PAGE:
55% of Africans who are 19-45 years of age believe in witchcraft according to a Gallup poll conducted in 2009. Witchcraft broadly means the practice of, and belief in, sorcery, magical skills and abilities that are exercised by individuals and certain social groups.
Many people in Africa recognize the Zulu battle cry “Bulalani abathakathi” which is translated to kill the witches/wizards as an undisputed truth. Witchcraft is practiced in many African countries but it brings real devastation and loss to many African families. Gallup Research conducted a poll in 18 sub-Saharan countries that showed that more than 55% of the people interviewed believe that witchcraft exists and it affects people’s lives causing sickness, misfortune and death. In countries like the Ivory Coast, 95% of the people who participated in the poll believe in witchcraft.
During colonial times, most colonial governments outlawed the practice of witchcraft as well as the practice of witch hunting. They even passed the Suppression of Witchcraft Act. This meant that there was no justice for the victims of witchcraft and the wicked witches and wizards practiced their destructive activities freely with the support of the colonial governments.
The Witchcraft Suppression Act 3 of 1957 is an act of the Parliament of South Africa that prohibits various activities related to witchcraft, witch smelling or witch-hunting. It is based on the Witchcraft Suppression Act 1895 of the Cape Colony, which was in turn based on the Witchcraft Act 1735 of the United Kingdom. As of 2012 the constitutional validity of the act is under review by the South African Law Reform Commission.
The Witchcraft Act of 173 was a law passed by the Parliament of the Kingdom of Great Britain which made it a crime for a person to claim that any human being had magical powers or was guilty of practicing witchcraft. The maximum penalty set out by the Act was a year’s imprisonment. This law was used as the basis for many witchcraft suppression laws in British colonies.
Westerners tend to deem justice against witchcraft as some backward practice of the ‘uneducated and unenlightened people of the dark continent.’ In the western countries however, witchcraft is even openly celebrated during the holiday known as Halloween where parents dress their children as witches and ghosts and decorate their homes with symbols of witchcraft all the while denying that witchcraft exists. Western children’s stories and cartoons are ripe with witchcraft practices but they chastise Africans for demanding justice against the practitioners of witchcraft. Colonial governments outlawed the practice of enforcing justice against those accused and found guilty of witchcraft which is deem as defending witchcraft and victim blaming.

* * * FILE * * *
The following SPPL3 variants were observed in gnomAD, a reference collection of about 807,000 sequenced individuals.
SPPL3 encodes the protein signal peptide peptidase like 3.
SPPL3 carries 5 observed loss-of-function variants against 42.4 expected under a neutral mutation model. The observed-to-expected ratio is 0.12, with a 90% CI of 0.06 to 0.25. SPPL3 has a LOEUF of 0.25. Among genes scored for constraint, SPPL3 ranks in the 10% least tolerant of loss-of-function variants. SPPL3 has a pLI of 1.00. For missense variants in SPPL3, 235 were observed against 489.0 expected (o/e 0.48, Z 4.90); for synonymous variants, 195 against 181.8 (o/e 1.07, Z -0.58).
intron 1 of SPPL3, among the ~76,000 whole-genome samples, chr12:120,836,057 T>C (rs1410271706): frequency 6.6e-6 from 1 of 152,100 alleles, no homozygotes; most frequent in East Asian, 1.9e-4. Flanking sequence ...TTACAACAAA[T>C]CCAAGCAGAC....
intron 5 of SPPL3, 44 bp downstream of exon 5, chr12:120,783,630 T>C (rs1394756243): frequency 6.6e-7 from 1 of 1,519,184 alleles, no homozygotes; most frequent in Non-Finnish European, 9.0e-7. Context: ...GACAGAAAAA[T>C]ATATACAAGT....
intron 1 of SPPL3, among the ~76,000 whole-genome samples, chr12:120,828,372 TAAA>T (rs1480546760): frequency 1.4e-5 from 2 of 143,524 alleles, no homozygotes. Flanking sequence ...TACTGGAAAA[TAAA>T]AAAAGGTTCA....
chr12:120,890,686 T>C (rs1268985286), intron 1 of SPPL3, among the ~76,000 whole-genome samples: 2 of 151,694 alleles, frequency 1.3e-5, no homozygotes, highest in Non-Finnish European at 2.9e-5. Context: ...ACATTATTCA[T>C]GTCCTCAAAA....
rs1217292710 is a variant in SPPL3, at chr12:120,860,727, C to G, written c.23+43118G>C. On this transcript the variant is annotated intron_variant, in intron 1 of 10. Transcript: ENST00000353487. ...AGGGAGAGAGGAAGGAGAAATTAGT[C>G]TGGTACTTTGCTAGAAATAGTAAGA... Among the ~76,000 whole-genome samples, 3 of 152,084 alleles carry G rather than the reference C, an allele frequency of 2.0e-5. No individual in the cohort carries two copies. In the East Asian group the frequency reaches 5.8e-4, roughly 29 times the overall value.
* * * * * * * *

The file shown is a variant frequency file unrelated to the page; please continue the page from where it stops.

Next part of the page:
In recent times feminists have made the naming of witches a crime against women. They intentionally ignore the harm that witchcraft causes to its victim and further victimize the victim of this horrific practice that leaves a train of destruction. Witches engage in infanticide, genocide, accidents and loss of life and other kinds of evils against their victims.
In the Nigerian state of Akwa Ibwo the governor outlawed the practice of accusing children of witchcraft. However, Christians across Africa whether educated or not know that the supernatural world of good and evil exists and are keen to root out, pull down, and destroy, and throw down witchcraft practices wherever they exist. Jesus Christ, whom the religion of Christianity is based upon destroyed demonic activity in people. The Holy Bible the sacred text of Christians states in Exodus 22:18 Thou shalt not suffer a witch to live and is the basis of witch hunts in Africa. In Africa we know that witchcraft exists, its time for us to top denying it. Instead, we should be working to see how we can protect the victims of witchcraft.